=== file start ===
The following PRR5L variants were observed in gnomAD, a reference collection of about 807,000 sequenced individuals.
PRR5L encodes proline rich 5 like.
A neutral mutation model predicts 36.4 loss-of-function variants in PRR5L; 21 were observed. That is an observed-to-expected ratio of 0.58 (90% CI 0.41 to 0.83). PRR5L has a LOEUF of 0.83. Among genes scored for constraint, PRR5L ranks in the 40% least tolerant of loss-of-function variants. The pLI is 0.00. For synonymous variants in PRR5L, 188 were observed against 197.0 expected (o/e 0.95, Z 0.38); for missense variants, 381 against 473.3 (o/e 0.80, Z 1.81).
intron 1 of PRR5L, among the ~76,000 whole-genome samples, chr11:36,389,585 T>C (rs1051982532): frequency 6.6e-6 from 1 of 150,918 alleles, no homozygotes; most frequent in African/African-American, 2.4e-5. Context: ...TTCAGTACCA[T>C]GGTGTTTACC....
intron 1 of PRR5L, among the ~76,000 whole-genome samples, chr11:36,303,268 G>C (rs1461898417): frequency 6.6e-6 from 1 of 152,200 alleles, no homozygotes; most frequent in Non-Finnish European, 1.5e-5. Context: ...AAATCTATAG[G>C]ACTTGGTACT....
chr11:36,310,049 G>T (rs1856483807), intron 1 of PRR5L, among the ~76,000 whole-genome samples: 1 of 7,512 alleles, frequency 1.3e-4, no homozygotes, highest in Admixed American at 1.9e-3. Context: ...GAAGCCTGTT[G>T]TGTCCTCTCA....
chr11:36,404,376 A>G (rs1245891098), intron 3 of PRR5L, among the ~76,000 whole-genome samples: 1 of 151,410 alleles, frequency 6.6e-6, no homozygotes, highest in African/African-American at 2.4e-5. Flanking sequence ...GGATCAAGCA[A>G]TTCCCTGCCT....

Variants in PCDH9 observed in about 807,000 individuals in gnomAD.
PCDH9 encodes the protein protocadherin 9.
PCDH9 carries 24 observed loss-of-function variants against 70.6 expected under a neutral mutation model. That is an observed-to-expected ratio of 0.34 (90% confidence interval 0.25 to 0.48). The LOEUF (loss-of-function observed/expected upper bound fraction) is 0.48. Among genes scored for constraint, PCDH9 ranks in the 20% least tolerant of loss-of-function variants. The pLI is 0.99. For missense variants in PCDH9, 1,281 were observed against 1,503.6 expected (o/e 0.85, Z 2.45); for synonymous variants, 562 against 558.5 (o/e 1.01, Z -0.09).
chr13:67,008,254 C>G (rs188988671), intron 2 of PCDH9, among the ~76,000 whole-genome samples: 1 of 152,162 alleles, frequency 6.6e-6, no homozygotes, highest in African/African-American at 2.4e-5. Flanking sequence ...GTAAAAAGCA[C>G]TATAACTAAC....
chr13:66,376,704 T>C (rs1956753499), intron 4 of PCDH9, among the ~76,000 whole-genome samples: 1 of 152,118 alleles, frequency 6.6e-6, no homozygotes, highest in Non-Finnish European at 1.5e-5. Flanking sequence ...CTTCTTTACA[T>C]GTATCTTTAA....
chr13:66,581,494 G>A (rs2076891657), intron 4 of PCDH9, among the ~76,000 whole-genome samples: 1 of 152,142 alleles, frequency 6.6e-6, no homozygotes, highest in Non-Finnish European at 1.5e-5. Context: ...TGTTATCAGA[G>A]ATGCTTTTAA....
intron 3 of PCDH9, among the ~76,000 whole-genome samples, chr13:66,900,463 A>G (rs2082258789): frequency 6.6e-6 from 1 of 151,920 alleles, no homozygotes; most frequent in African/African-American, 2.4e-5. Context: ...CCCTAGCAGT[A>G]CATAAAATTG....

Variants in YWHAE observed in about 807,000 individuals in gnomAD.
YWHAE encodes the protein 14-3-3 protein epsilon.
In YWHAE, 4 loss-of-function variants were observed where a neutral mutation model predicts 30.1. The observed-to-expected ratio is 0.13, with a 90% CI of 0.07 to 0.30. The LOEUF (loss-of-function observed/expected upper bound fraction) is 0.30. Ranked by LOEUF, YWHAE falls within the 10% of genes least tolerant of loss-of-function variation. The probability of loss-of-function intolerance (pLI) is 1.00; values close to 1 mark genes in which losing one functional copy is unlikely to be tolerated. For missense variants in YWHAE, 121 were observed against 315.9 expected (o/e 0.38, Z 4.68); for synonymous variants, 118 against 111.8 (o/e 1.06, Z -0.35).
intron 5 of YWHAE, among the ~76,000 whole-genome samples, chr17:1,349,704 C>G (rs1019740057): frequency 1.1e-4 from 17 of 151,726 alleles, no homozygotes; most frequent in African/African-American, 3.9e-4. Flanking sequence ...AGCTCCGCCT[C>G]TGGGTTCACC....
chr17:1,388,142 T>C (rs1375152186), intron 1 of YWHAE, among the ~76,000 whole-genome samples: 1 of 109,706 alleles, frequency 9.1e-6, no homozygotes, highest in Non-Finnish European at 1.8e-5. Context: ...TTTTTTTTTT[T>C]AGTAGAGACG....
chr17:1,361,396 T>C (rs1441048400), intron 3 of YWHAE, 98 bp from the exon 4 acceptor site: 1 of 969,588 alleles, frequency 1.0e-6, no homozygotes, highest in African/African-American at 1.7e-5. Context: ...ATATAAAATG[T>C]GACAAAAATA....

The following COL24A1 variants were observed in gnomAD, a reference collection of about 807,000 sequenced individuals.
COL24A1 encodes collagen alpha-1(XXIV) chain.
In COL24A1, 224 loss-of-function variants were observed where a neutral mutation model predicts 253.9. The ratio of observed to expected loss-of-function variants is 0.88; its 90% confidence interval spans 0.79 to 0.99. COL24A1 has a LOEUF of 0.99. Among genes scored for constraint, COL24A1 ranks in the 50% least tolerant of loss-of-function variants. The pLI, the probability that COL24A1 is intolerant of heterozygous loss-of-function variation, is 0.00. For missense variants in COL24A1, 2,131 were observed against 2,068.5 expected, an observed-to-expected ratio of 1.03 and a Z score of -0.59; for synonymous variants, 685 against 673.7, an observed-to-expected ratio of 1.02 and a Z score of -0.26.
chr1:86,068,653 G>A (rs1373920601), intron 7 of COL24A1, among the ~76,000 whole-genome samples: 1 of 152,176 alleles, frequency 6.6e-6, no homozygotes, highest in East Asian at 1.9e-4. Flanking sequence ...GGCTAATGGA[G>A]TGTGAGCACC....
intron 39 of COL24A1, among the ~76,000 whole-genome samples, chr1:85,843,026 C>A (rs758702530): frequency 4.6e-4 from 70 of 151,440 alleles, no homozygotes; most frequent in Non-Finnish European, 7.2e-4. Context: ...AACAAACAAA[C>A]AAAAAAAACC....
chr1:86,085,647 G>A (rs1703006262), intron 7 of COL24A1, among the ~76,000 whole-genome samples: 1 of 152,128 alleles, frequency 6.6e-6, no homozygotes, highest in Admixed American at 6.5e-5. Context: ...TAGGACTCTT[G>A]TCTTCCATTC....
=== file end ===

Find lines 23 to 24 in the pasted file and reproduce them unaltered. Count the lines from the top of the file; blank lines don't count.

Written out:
In COL24A1, 224 loss-of-function variants were observed where a neutral mutation model predicts 253.9. The ratio of observed to expected loss-of-function variants is 0.88; its 90% confidence interval spans 0.79 to 0.99. COL24A1 has a LOEUF of 0.99. Among genes scored for constraint, COL24A1 ranks in the 50% least tolerant of loss-of-function variants. The pLI, the probability that COL24A1 is intolerant of heterozygous loss-of-function variation, is 0.00. For missense variants in COL24A1, 2,131 were observed against 2,068.5 expected, an observed-to-expected ratio of 1.03 and a Z score of -0.59; for synonymous variants, 685 against 673.7, an observed-to-expected ratio of 1.02 and a Z score of -0.26.
chr1:86,068,653 G>A (rs1373920601), intron 7 of COL24A1, among the ~76,000 whole-genome samples: 1 of 152,176 alleles, frequency 6.6e-6, no homozygotes, highest in East Asian at 1.9e-4. Flanking sequence ...GGCTAATGGA[G>A]TGTGAGCACC....